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Indiana Daily Student

How to cope with COVID-19 this winter

<p>Freshman students walk through campusAug. 24. The group wore their masks for the duration of their journey, which ended at the Indiana Avenue Starbucks.</p>

Freshman students walk through campusAug. 24. The group wore their masks for the duration of their journey, which ended at the Indiana Avenue Starbucks.

COVID-19 in the winter

This winter will most likely lead to an increase of cases, especially in Indiana where cases are already increasing, said Dr. Lana Dbeibo, an infectious disease physician.

Dbeibo said colder weather means people tend to be indoors, meaning they’re physically closer and increasing the risk of transmission of the coronavirus.

This means wearing a mask, staying six feet apart from others and washing hands frequently will help limit the spread of COVID-19 this winter, said Thomas Duszynski, director of epidemiology education at IU-Purdue University Indianapolis. 

“I feel like a broken record here, fellas, because these are still the only tools we know that work,” he said.

Dbeibo said reducing or limiting indoor interactions is crucial in preventing the spread of the virus this winter. Duszynski said people should take every measure they can to avoid any indoor social gatherings this winter.

“You have to realize that we're in the middle of a pandemic and you know we've had almost, you know, a quarter million people have died from this already across the U.S. and more than 3,000 in Indiana alone,” Dusznyski said. “Why would we want to potentially expose other people?”

Dbeibo said people should take extra precautions if they have any COVID-19 symptoms, even if they’re as minor as a headache or fatigue. People should take that as a sign they may be infected and stay home, she said.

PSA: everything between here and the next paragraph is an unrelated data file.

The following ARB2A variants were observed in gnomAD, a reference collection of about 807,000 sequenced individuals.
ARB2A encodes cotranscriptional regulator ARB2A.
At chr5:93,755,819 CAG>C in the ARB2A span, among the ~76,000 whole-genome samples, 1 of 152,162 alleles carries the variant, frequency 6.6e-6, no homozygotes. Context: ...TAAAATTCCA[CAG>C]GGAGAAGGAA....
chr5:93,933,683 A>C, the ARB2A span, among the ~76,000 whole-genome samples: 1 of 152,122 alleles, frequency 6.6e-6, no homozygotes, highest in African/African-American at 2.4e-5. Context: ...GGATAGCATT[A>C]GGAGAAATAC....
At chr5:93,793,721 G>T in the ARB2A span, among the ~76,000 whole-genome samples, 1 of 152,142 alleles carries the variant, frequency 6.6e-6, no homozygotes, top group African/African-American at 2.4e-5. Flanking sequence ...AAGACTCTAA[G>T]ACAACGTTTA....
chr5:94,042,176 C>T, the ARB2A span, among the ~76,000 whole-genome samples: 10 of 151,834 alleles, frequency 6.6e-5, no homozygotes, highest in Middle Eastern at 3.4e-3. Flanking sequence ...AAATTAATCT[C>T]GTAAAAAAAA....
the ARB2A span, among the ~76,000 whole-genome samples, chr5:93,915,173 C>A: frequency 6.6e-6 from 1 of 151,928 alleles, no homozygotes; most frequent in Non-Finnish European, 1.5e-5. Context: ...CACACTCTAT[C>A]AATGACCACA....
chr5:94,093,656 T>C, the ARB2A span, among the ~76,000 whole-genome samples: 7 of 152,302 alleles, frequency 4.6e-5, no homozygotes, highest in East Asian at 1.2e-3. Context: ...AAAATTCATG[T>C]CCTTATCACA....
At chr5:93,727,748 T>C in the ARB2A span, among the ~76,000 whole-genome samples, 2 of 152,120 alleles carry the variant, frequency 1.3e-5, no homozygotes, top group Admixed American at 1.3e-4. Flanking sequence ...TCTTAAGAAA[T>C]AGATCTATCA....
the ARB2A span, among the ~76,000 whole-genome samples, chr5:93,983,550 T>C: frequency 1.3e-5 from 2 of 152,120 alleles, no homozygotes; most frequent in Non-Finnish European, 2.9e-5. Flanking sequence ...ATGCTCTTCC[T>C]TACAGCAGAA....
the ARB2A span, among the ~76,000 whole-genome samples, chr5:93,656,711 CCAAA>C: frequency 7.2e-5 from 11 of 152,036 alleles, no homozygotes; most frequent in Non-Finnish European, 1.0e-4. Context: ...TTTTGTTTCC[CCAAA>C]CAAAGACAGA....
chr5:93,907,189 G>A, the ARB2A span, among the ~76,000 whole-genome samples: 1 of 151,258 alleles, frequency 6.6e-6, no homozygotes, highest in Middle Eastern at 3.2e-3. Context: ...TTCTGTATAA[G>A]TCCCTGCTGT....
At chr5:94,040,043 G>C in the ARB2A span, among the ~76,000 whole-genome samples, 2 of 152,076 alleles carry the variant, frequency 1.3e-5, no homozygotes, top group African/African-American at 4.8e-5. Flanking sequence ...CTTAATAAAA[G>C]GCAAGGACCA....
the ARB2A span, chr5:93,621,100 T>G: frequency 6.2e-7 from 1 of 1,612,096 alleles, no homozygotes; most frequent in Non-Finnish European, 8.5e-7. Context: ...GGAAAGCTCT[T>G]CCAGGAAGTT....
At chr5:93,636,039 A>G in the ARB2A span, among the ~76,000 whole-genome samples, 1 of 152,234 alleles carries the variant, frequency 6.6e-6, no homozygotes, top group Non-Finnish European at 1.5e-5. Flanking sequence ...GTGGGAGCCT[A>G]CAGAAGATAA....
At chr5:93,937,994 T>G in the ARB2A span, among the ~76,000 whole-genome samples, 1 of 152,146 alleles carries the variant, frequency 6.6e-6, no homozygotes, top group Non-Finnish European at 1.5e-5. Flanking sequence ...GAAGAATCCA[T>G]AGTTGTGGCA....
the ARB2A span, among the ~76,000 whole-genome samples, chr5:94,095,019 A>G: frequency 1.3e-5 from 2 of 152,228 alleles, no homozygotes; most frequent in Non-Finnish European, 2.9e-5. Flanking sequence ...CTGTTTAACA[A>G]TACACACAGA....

Staying socially connected

It’s important for people to stay socially connected, whether that be through Zoom, phone calls, social media or online video games, said Gregory Lewis, a member of the Kinsey Institute Traumatic Stress Research Consortium at IU-Bloomington. Humans use interaction to determine if their environment is safe, he said.

When people begin to isolate themselves, they break down a system of coregulation, Lewis said. Coregulation refers to the idea of people checking on each other to mutually help them through issues of stress or depression, he said.

As people become more isolated during the winter, they should check in on their friends and family.

“I'm hoping that that's something that a lot of us will do for this winter, kind of do a little extra work to reach out to somebody and see if they need to talk,” Lewis said.

Pandemic pods

One way to maintain social interaction this winter is by using a pandemic pod, which is a small group of people you interact with that you trust are following the same rules you are following, Dbeibo said.

Before joining a pandemic pod, people should test negative and self-quarantine for 14 days to ensure they’re not exposed to or infected by COVID-19, Duszynski said.

The people in the pandemic pod shouldn’t be socializing with any other people in order to minimize the risk of getting infected, Duszynski said. Within a pandemic pod, the participants know everyone is confirmed to be infection free. The fewer people in a pandemic pod the more manageable it is, Duszynski said.

While a pandemic pod is an option, Dbeibo said there is still a risk that comes with it because there is no way to ensure others in the pod are being 100% safe.

Dbeibo said she thinks prevention of an outbreak this winter is possible, as long as everyone is actively following the rules.

“I think if people go at it with a mentality it's going to happen because it's the winter, then it will happen but it doesn't mean that we don't have measures to try to turn things around,” she said.

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